5. Reduce the number of program files that must be read off the filesystem. This is particularly useful for parallel file systems and large scale applications. In increasing order of effectiveness, you can:

    • use the turbine_sh launcher in place of tclsh in submit script, or by specifying the -x argument to turbine

    • Use mkstatic.tcl to create a standalone executable with the Tcl main script and Tcl library code compiled in, and compiled code statically linked.

17.6. Building standalone executables with mkstatic.tcl

It is possible to build a fully self-contained executable, including all Tcl scripts and compiled code, provided that all dependencies support static linking. If not, it is also possible to build an executable with a subset of Tcl scripts and code linked in, providing some performance benefits.

The provided mkstatic.tcl utility can produce a C source file with Tcl scripts bundled in, which can then be compiled and linked with a C compiler. This is a multi-step process that can be automated as part of your build process.

Ensure that static versions of the c-utils, lb, and turbine libraries were built, typically with a .a suffix, e.g. libadlb.a. These are created by default, unless you specified DISABLE_STATIC=0 or --disable-static. To build a fully standalone executable, you will also need to build a static version of Tcl (with the --disable-shared configure option), and static versions of any other libraries your own code needs to link with, such as your MPI distribution or application code.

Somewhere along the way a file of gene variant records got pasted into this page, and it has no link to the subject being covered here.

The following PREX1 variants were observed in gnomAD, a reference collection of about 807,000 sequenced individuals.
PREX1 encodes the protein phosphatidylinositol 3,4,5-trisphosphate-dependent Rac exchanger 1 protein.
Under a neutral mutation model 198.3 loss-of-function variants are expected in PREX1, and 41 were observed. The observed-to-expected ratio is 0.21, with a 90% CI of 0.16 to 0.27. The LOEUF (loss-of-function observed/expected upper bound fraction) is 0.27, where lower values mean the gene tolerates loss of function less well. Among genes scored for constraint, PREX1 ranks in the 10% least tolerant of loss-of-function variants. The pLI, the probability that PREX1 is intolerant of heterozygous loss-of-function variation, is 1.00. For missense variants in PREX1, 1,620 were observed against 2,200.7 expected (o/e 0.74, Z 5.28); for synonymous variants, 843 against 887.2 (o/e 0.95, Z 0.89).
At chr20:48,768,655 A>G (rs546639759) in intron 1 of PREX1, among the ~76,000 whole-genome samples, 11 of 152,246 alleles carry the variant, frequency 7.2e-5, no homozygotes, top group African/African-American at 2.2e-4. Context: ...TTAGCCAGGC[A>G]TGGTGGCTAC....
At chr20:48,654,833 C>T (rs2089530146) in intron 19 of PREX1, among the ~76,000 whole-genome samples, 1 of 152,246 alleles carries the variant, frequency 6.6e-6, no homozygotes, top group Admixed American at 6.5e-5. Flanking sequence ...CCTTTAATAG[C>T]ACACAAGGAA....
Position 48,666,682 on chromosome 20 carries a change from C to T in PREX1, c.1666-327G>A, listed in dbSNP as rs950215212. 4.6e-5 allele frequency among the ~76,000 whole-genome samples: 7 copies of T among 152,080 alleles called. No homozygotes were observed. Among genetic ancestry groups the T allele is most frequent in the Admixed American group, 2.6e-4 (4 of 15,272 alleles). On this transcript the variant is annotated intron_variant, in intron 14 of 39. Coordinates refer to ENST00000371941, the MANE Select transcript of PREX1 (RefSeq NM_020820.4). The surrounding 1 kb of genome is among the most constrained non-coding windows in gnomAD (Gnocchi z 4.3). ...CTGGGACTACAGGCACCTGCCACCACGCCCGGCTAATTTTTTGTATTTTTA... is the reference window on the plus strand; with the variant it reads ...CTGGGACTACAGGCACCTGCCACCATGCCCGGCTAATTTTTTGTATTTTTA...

1. Compile your Swift script

    stc my.swift

    producing the Turbine Tcl script my.tic.

  2. Create a manifest file, e.g. my.manifest. This file describes the resources to be bundled, including the STC-generated code and any user libraries.

    To do this, make a copy of scripts/mkstatic/example.manifest from the Turbine installation directory. This file contains examples and descriptions of all the the possible settings. Note that an empty manifest file corresponds to the turbine_sh utility, which is a replacement for tclsh with required Turbine libraries statically linked in. For a simple Swift program with no user Tcl libraries, you only need to set main_script = my.tic.

  3. Invoke mkstatic.tcl (found under scripts/mkstatic/mkstatic.tcl in the Turbine installation) to translate your Tcl script to a C main program (e.g., my_main.c) with Tcl source code included. The minimal invocation is

    mkstatic.tcl my.manifest -c my_main.c

    You will likely wish to include Tcl system libraries with --include-sys-lib /home/example/tcl-install/lib --tcl-version 8.6. The Tcl system library directory can be identified by the fact that it contains the file init.tcl. This directory must be specified with a special flag so that mkstatic.tcl can correctly replace the regular Tcl initialization process.

    You can include additional libraries and packages with --include-lib /home/example/tcl-lib/. Any .tcl or .tm source files in the directory will be included. Source-only packages can generally be completely linked into the executable, but if a package loads shared libraries, only the pkgIndex.tcl file will be linked into the executable. A package with compiled code can be converted to support static linking by specifying a package init function, plus static library or object files in the manifest file.

  4. Link together the compiled C main program with user libraries and Swift/T libraries to produce a final executable. The details of the process vary depending on the compiler and system: we assume GCC. You will need to provide the correct flags to link in all libraries required by Swift/T or your own user code.